It’s not just carbon – it’s money

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 Even the lightest dusting of snow can cause chaos in London – roads becoming impassable, schools close, and trains stop running. So it’s quite shocking to find that the UK is considered among the best prepared to deal with climate change.

The finding comes in research from CDP, formerly the Carbon Disclosure Project, and Accenture. This found that supply chains in Brazil, China, India and the United States were more vulnerable to climate risks than those in Europe and Japan.

In contrast, supply chains in France the UK, Spain and Germany were found to be the most sustainable in terms of climate risk.

The report, “Supply chain sustainability revealed: a country comparison. CDP supply chain report 2014–15”, is based on data collected from 3,396 companies on behalf of 66 multi-national purchasers.

Suppliers in France, the UK, Spain and Germany have taken extensive measures despite comparatively low levels of exposure to climate risk, the report says. Japan is the only country with suppliers that are well-equipped to respond to high climate risks as they have matched their awareness and actions with the high levels of risk to which they are exposed.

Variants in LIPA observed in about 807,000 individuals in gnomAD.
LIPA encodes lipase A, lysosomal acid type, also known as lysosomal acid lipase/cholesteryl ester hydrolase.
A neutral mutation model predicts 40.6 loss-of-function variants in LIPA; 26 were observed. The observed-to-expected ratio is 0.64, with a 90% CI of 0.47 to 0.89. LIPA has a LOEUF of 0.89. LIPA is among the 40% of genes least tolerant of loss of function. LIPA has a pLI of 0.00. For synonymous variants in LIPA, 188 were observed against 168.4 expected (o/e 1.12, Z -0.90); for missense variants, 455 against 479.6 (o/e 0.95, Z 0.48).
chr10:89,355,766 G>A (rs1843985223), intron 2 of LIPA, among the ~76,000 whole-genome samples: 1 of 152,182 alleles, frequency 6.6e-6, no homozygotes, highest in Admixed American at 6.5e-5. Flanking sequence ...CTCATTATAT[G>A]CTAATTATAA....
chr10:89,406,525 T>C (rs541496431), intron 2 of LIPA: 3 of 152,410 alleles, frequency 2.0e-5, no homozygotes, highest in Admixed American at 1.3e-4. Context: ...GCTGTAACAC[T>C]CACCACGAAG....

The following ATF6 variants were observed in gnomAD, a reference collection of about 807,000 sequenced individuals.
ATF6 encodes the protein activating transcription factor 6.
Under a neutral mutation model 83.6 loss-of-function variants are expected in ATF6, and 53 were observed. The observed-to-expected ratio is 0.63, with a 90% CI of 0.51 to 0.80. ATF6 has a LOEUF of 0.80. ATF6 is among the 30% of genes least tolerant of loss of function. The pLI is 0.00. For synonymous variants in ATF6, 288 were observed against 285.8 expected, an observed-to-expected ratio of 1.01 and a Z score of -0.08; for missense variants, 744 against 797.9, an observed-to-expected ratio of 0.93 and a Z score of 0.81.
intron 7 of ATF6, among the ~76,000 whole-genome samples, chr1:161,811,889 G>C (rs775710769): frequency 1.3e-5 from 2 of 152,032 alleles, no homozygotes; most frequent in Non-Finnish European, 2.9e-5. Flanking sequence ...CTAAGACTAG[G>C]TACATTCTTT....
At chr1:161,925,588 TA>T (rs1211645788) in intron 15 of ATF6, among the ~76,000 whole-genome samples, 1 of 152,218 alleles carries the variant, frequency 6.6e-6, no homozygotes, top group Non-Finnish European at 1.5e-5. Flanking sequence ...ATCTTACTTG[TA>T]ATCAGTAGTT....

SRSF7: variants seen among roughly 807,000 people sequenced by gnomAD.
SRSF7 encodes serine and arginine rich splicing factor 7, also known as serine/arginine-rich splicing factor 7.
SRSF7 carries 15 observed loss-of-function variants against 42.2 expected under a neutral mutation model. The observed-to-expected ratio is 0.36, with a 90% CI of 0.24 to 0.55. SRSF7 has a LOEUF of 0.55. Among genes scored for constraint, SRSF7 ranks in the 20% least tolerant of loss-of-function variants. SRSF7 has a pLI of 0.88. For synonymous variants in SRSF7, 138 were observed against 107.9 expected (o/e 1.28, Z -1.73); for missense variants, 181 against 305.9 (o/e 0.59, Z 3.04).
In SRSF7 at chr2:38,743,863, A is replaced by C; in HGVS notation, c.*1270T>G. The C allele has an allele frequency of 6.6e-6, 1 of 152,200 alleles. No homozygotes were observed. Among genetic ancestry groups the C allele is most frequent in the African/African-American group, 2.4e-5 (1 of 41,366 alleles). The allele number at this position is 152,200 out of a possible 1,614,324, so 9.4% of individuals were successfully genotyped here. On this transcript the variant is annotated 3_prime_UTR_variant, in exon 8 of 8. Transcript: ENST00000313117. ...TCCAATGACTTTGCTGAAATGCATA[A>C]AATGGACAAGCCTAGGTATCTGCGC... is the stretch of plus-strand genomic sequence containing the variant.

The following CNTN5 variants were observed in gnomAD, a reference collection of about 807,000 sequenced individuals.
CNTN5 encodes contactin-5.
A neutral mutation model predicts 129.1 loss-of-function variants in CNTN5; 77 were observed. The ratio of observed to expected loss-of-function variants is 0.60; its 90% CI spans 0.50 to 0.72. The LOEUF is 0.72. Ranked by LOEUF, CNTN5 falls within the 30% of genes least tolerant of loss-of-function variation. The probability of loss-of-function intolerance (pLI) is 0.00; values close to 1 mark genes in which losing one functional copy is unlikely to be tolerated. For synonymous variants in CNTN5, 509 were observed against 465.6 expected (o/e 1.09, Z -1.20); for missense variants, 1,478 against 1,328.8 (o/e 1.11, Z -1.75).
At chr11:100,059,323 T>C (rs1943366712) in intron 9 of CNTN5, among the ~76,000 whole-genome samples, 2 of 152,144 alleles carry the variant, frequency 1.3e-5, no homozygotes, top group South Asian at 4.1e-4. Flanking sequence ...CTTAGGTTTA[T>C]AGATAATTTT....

Suppliers in China, Italy and the United States were found to be vulnerable. An imbalance between high exposure to climate risk and the steps that suppliers have taken in response to the situation leaves room for improvement for those in these geographies. Brazil, Canada and India needed to do more, the report said.

I’m sure that for a lot of people, this kind of national analysis is all very well, but what really matters is the direct impact on their businesses. Carbon reduction is not just about saving the planet, it’s also about saving money.

In fact, the proportion of companies showing monetary savings from their actions to reduce emissions has risen from 29 per cent in 2012 to 33 per cent in 2014. Even so, there is plenty of scope for further improvements.

Malory Davies FCILT,




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